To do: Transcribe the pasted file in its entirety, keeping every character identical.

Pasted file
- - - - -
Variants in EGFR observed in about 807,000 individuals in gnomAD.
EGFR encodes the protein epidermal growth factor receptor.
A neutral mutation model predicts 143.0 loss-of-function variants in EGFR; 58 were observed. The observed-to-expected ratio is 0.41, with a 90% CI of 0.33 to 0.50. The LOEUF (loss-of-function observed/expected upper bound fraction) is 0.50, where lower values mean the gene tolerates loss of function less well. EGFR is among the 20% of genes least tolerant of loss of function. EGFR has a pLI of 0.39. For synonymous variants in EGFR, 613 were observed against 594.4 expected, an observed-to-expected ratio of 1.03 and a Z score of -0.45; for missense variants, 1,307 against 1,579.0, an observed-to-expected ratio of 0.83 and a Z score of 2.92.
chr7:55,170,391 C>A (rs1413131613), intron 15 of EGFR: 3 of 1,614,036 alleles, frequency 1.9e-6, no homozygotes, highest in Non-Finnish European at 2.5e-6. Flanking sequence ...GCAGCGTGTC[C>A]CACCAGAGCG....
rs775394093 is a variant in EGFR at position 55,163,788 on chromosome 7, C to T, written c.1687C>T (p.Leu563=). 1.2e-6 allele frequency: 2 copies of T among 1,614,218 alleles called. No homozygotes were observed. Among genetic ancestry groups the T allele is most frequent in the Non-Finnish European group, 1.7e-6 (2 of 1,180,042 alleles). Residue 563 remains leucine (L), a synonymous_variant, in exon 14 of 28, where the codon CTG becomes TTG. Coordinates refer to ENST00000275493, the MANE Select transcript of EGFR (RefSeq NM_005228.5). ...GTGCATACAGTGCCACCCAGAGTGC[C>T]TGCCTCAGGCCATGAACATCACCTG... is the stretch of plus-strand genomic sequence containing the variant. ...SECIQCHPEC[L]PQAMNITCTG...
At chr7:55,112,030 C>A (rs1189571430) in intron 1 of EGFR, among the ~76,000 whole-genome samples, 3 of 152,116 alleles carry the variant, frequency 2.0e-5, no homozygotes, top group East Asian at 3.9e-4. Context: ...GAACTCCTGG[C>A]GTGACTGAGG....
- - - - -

Variants in EGFR observed in about 807,000 individuals in gnomAD.
EGFR encodes the protein epidermal growth factor receptor.
A neutral mutation model predicts 143.0 loss-of-function variants in EGFR; 58 were observed. The observed-to-expected ratio is 0.41, with a 90% CI of 0.33 to 0.50. The LOEUF (loss-of-function observed/expected upper bound fraction) is 0.50, where lower values mean the gene tolerates loss of function less well. EGFR is among the 20% of genes least tolerant of loss of function. EGFR has a pLI of 0.39. For synonymous variants in EGFR, 613 were observed against 594.4 expected, an observed-to-expected ratio of 1.03 and a Z score of -0.45; for missense variants, 1,307 against 1,579.0, an observed-to-expected ratio of 0.83 and a Z score of 2.92.
chr7:55,170,391 C>A (rs1413131613), intron 15 of EGFR: 3 of 1,614,036 alleles, frequency 1.9e-6, no homozygotes, highest in Non-Finnish European at 2.5e-6. Flanking sequence ...GCAGCGTGTC[C>A]CACCAGAGCG....
rs775394093 is a variant in EGFR at position 55,163,788 on chromosome 7, C to T, written c.1687C>T (p.Leu563=). 1.2e-6 allele frequency: 2 copies of T among 1,614,218 alleles called. No homozygotes were observed. Among genetic ancestry groups the T allele is most frequent in the Non-Finnish European group, 1.7e-6 (2 of 1,180,042 alleles). Residue 563 remains leucine (L), a synonymous_variant, in exon 14 of 28, where the codon CTG becomes TTG. Coordinates refer to ENST00000275493, the MANE Select transcript of EGFR (RefSeq NM_005228.5). ...GTGCATACAGTGCCACCCAGAGTGC[C>T]TGCCTCAGGCCATGAACATCACCTG... is the stretch of plus-strand genomic sequence containing the variant. ...SECIQCHPEC[L]PQAMNITCTG...
At chr7:55,112,030 C>A (rs1189571430) in intron 1 of EGFR, among the ~76,000 whole-genome samples, 3 of 152,116 alleles carry the variant, frequency 2.0e-5, no homozygotes, top group East Asian at 3.9e-4. Context: ...GAACTCCTGG[C>A]GTGACTGAGG....